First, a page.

Yoga Cures: Asthma

By Ana Mantica

Although asthma gets the most press for afflicting kids, even if you didn’t have it as a child, you can still develop it as an adult. In fact, about 14 million adults in the U.S. suffer from the chronic condition. According to the Asthma and Allergy Foundation of America, there are actually two types of asthma—allergic and non-allergic. And although triggers vary from person to person, the symptoms of an attack are usually the same: shortness of breath, wheezing, chest tightness, and coughing, all of which tend to be worse in the morning or late at night. Many different triggers can spark a flare up, but some of the more common culprits include allergens (dust mites, pollen, mold, pet dander), irritants in the air (smoke, paint fumes, scented soaps), respiratory infections, exercise, the weather, stress, food, and some medications.

While yoga can’t cure asthma, certain poses can certainly help open up your airways, helping you breathe better. To help keep your airways clear and keep a coughing fit from coming on, try these two poses recommended by Baxter Bell, M.D., a medical acupuncturist and registered yoga instructor in Oakland, California.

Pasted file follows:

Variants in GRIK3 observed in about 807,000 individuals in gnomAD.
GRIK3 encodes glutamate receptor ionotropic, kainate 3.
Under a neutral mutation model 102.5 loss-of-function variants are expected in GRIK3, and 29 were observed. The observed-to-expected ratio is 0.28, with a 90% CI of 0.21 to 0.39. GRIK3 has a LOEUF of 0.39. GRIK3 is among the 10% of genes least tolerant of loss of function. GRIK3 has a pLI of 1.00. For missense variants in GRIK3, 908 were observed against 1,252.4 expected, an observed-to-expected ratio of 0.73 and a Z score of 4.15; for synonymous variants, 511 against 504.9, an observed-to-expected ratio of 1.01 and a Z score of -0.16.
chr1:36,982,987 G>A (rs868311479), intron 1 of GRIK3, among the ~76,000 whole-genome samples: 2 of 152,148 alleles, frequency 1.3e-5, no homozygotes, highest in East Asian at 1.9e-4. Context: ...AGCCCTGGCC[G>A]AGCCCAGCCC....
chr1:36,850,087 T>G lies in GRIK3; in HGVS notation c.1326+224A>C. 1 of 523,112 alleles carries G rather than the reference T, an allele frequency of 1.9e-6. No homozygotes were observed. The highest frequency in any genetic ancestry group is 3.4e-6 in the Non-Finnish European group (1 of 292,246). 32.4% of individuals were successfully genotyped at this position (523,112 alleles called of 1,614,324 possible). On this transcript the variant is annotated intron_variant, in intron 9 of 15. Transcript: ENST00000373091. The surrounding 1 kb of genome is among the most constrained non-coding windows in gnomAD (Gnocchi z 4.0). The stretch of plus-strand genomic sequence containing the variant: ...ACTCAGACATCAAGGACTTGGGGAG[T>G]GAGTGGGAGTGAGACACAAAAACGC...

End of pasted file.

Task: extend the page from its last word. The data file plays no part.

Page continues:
Standing positions such as this one help keep your back in neutral, allowing your lungs to work more efficiently. When you're standing, gravity pulls your belly organs down toward the floor, so your diaphragm has greater freedom to move, making it easier to breathe.  

Start by standing with your feet together. Keep your spine straight, head erect, shoulders down, and arms alongside of the body with palms facing inward, fingers spread. Make sure your weight is evenly distributed on both feet. Hold this position for five to 10 breaths.

Goddess  (Support Reclining Bound Angle) 

Note: You’ll need a bolster.

This pose helps open up your chest, which may ease symptoms like coughing almost immediately. It’s also very relaxing, so you won’t risk expending extra energy by getting riled up, which can exacerbate your struggle to breathe.

Begin sitting on the floor. Lay a bolster directly behind you, running the same direction as your spine. Place the soles of your feet together, your knees open to the sides in a diamond shape. Lie back making sure your lower back, upper back, and head are supported on the bolster. Place your arms alongside your body with forearms and elbows against the floor, palms facing up. Hold this position for five to 20 minutes.


13 May 2008, 18:30
The Goddess is great-it is a technique also used in Feldenkreis. It really works, I am asthmatic--it makes you feel better.

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